The results of our study point out to VWF as a sensitive and good diagnostic marker for ARDS diagnosis.
Acute respiratory distress syndrome (ARDS) constitutes a clinical phenotype of severe lung injury associated that can result from direct lung injury or as an indirect result of injury in other organs. The clinical appearance of the specific histopathological lesion is diffuse alveolar damage (DAD).
ARDS is associated with an intense pulmonary inflammatory response that can be described in three stages: (a) accumulation of pro-inflammatory mediators, (b) endothelial cell activation, and (c) release of inflammatory mediators followed by functional and structural endothelial injury, so the detection of these three processes helps to detect ARDS and even its prognosis (Rocco and Santos 2009).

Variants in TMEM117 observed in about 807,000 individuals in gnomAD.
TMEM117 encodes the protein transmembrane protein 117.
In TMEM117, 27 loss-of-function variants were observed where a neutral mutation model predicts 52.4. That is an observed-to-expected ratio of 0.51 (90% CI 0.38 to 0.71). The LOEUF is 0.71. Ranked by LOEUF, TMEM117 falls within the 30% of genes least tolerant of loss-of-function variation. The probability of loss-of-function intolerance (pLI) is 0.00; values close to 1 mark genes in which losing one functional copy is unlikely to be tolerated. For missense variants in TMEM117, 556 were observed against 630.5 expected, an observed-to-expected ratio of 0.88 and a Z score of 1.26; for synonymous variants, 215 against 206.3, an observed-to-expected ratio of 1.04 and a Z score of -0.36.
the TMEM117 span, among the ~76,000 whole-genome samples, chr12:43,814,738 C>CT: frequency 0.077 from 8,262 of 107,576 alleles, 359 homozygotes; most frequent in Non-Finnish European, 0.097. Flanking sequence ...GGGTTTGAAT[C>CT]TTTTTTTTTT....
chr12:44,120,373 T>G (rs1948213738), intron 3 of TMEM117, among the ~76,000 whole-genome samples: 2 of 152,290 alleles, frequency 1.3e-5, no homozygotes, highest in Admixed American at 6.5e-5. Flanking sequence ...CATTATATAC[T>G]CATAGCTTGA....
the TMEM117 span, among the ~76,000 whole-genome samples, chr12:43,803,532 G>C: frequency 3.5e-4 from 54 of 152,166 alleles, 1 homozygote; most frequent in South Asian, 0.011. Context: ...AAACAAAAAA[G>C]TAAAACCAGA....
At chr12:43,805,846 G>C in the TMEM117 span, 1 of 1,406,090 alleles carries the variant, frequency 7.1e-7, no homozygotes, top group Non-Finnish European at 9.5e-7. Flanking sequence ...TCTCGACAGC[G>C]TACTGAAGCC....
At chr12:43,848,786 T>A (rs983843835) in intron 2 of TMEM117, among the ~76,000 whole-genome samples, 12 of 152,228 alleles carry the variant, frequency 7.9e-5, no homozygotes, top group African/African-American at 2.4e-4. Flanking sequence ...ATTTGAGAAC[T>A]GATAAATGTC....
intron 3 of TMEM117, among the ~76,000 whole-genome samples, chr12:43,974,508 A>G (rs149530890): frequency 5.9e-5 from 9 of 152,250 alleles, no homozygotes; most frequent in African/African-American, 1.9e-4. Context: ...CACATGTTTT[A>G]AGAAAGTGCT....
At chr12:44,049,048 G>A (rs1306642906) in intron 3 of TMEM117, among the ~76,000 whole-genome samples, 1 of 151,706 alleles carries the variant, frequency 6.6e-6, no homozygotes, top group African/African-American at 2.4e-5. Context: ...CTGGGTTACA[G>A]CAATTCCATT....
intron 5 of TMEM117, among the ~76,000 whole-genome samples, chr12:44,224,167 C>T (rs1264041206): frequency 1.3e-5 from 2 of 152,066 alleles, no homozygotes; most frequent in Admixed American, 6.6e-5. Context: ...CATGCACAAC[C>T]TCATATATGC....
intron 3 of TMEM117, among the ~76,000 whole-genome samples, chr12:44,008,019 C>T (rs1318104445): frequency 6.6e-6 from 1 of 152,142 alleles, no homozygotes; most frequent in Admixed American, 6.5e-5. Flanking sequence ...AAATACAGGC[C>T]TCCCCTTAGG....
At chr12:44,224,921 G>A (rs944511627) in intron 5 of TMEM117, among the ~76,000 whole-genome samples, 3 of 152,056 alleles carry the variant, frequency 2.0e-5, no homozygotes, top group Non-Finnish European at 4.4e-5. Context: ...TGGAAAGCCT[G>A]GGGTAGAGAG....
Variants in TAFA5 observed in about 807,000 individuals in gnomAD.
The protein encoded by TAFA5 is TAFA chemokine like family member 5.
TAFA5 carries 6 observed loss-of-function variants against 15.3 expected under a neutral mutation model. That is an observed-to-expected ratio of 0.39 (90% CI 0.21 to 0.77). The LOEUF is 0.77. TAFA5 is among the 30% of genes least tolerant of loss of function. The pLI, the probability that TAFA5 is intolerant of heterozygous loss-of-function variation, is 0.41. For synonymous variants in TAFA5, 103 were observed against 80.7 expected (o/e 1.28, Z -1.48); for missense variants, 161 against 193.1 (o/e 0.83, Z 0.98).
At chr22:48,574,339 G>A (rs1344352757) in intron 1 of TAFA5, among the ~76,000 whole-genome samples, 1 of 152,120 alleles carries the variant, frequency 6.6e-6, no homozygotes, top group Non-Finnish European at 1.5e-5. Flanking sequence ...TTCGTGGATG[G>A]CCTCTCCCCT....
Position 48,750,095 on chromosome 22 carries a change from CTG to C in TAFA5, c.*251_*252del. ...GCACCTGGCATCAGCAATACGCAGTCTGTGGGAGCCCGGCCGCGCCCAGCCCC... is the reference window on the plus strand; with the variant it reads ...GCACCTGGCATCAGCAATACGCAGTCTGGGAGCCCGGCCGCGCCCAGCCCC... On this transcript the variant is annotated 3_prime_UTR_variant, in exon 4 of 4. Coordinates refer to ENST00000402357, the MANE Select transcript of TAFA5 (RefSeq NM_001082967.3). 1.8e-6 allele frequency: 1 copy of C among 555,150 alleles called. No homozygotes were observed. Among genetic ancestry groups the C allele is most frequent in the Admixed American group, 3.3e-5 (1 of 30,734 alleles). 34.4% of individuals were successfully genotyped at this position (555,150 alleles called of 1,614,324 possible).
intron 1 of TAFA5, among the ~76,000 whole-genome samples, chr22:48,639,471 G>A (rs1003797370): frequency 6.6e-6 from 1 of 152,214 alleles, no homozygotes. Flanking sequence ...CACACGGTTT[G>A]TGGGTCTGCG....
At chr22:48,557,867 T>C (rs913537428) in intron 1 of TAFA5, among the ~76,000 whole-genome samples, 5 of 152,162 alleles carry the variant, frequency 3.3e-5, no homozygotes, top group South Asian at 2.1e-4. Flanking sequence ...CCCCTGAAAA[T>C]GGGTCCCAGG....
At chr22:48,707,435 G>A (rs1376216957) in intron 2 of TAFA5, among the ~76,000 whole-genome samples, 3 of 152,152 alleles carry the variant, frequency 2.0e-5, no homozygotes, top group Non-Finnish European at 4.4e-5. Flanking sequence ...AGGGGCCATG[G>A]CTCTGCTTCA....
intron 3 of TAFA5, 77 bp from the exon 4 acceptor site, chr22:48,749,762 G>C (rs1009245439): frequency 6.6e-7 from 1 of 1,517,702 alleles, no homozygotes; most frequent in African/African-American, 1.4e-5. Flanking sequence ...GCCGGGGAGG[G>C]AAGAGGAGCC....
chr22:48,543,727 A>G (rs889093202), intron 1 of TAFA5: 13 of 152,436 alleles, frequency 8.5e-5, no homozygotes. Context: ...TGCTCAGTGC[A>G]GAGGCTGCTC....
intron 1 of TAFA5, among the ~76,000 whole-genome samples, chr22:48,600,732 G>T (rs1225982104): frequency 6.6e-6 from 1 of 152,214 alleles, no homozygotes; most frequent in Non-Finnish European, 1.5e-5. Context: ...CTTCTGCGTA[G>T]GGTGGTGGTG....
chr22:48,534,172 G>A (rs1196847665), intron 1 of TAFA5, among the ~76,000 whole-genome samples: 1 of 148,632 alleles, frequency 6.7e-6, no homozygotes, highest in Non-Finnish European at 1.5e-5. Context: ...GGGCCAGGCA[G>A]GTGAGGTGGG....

IL-6 shares both pro- and inflammatory properties and could be considered as acute phase response regulator involved in the ARDS pathogenesis. The concentration of IL-6 among other ARDS biomarkers is shown to have a significant impact in relation to the course of ARDS (Peter et al. 2003). Endothelial activation and injury is an essential ARDS mechanism. Biomarkers that reflect this process are promising in identifying the “at risk” patients for ARDS development. The injured endothelium releases proteins such as von Willebrand factor (VWF) (Ley et al. 2007). VWF release is reasonable to assume that direct endothelial cell damage has occurred. This has facilitated its possible use as a marker of endothelial injury (Franchini and Lippi 2006). VWF is also known to be an acute phase reactant affected by inflammatory cytokines and may be elevated even in the absence of endothelial damage (Horvath et al. 2004). These facts were studied by many authors, and they all approved that VWF has potential significance in predicting ARDS development and even they found a significant correlation of elevated VWF plasma levels with adverse ARDS outcomes, including mortality, duration of mechanical ventilation, and organ failure (Agrawal et al. 2012).